Editorial: Hard-nosed approach to strategic partnerships

The coalition has slashed the programme and is being more businesslike and demanding, says Stephen Cook

Stephen Cook, editor
Stephen Cook, editor

To understand the sea change in the government's approach to the voluntary sector since the coalition took office less than a year ago, you need look no further than the recent decisions about the strategic partners programme.

Under Labour, there were some 40 partners receiving £62.9m over five years. The list was loose and baggy, but indicated a concern to listen to and support organisations that championed minorities, women, youth and community organisations.

Most did not have to do much for their money – it was, in effect, core funding. Did the subsidy muzzle them? To an extent, no doubt, but not entirely. The NCVO, for example, spoke out strongly against Baroness Smith's blatant disregard of the Compact when she was charities minister.

Now we have 17 partners receiving £8.2m until 2014, when the programme will close. Youth and minorities have been cut out altogether, and the only community organisation being funded is the one that recently won the government contract to train community organisers. Partners have been told they must develop the big society agenda, and it's been made clear they'll be given lots of homework.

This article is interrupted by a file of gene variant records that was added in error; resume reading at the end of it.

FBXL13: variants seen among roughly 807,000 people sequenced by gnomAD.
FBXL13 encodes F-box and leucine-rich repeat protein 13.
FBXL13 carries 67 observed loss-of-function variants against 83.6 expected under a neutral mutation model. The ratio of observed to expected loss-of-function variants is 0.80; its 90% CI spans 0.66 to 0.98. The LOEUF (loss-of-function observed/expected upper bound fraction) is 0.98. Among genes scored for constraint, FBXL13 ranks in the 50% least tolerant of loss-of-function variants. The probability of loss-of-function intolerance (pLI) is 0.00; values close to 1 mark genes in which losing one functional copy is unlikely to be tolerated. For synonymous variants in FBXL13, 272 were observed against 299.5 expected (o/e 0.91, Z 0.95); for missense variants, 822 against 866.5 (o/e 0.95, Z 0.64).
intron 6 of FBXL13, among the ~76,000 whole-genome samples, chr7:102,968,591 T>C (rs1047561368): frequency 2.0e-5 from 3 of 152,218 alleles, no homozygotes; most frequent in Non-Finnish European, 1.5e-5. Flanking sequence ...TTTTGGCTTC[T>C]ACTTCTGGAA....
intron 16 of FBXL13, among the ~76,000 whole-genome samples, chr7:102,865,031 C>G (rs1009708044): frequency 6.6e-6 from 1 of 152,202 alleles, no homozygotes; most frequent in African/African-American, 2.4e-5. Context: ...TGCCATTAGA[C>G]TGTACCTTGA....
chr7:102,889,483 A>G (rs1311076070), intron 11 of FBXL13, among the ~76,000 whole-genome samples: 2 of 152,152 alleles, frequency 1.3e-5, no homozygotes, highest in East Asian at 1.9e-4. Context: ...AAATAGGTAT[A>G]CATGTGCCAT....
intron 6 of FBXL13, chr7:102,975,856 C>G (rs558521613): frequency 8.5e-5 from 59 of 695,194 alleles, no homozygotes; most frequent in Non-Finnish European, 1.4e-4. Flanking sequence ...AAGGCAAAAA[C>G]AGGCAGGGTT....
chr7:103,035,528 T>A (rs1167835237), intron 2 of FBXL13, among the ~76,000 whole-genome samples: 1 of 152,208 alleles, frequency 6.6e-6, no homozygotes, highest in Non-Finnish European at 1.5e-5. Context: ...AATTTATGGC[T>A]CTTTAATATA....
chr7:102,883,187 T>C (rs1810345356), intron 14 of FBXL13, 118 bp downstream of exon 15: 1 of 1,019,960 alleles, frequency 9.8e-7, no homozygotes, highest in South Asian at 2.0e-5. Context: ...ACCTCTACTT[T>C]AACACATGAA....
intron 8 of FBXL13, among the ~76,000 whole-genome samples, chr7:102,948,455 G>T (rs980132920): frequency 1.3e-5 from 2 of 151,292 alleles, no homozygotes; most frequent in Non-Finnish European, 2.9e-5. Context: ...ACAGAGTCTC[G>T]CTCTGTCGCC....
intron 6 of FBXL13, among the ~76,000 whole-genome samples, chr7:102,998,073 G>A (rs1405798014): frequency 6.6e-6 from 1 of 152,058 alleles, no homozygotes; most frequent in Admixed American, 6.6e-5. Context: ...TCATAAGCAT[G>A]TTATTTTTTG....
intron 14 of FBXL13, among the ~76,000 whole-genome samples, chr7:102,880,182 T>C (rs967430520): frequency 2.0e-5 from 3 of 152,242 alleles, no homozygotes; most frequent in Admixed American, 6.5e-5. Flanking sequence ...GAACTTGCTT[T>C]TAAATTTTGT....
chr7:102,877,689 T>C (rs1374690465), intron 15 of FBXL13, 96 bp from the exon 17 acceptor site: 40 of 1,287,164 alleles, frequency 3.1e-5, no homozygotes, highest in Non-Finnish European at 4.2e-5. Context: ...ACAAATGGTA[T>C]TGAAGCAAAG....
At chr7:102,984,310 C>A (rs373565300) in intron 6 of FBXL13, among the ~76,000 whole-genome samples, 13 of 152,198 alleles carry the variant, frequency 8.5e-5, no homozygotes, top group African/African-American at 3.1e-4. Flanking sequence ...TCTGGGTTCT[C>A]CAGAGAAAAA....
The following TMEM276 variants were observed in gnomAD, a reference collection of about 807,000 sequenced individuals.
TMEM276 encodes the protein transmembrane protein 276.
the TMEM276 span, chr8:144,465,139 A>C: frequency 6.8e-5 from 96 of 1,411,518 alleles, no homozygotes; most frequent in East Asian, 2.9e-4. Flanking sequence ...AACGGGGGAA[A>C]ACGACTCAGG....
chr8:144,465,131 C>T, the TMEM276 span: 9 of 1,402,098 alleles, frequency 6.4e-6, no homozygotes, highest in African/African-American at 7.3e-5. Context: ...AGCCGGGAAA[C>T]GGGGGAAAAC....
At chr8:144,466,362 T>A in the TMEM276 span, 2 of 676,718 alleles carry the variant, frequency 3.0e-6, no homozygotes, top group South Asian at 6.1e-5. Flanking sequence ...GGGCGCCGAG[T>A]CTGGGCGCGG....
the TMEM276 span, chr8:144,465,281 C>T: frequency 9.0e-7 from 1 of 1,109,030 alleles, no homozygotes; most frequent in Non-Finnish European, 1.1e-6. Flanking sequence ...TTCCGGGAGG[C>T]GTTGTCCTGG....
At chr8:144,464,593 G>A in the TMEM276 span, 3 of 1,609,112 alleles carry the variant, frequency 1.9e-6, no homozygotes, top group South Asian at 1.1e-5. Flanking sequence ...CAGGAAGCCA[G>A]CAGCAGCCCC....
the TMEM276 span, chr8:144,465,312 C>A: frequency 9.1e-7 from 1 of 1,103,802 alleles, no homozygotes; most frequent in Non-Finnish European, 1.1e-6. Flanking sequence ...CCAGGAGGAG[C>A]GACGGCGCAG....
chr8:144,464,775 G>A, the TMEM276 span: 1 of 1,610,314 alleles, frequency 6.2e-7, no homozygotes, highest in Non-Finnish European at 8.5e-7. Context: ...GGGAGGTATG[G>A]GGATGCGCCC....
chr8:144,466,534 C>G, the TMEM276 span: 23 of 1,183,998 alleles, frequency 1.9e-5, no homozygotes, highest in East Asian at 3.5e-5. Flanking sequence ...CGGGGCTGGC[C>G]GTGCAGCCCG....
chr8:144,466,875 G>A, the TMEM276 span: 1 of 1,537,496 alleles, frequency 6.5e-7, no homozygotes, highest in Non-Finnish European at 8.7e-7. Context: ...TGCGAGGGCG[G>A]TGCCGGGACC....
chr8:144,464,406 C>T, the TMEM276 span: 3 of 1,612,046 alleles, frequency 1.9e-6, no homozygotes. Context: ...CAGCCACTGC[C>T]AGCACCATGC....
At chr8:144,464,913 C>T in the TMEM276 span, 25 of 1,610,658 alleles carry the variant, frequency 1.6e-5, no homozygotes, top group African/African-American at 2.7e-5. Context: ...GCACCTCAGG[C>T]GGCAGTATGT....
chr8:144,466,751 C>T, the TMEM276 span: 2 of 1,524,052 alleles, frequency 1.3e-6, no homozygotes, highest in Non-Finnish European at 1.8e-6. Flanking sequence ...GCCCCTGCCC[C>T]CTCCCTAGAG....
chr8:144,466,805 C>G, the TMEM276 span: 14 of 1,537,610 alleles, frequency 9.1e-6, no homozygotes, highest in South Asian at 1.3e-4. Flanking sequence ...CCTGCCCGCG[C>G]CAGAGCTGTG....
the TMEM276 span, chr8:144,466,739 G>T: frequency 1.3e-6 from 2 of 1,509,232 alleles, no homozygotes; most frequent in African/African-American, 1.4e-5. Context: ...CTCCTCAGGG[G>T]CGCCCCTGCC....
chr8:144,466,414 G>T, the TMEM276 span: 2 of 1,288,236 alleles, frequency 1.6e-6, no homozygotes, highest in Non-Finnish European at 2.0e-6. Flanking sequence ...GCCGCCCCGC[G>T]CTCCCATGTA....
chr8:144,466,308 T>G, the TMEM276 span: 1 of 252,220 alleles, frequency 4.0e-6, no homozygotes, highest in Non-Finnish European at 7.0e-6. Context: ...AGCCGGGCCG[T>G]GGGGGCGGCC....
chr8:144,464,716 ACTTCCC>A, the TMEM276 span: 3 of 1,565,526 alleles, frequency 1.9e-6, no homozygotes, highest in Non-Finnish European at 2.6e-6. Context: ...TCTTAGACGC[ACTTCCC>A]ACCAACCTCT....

It doesn't look like core funding any more, and one suspects there won't be much speaking out against the government. The approach is altogether more hard-nosed and businesslike.

Many organisations losing funds will struggle, and some will close. Many are infrastructure organisations in the sense that they help or represent a range of other organisations.

The government says it recognises the need for infrastructure but has only got as far as a consultation on what it plans to do instead. The lack of continuity is most unfortunate and will, like most things, be blamed on the need to cut the deficit fast. But some may also discern a hint of political vengefulness in these cuts.

The wholesale removal of organisations representing minorities is perhaps of greatest concern, and some of them, quite rightly, are not going to let the matter rest.

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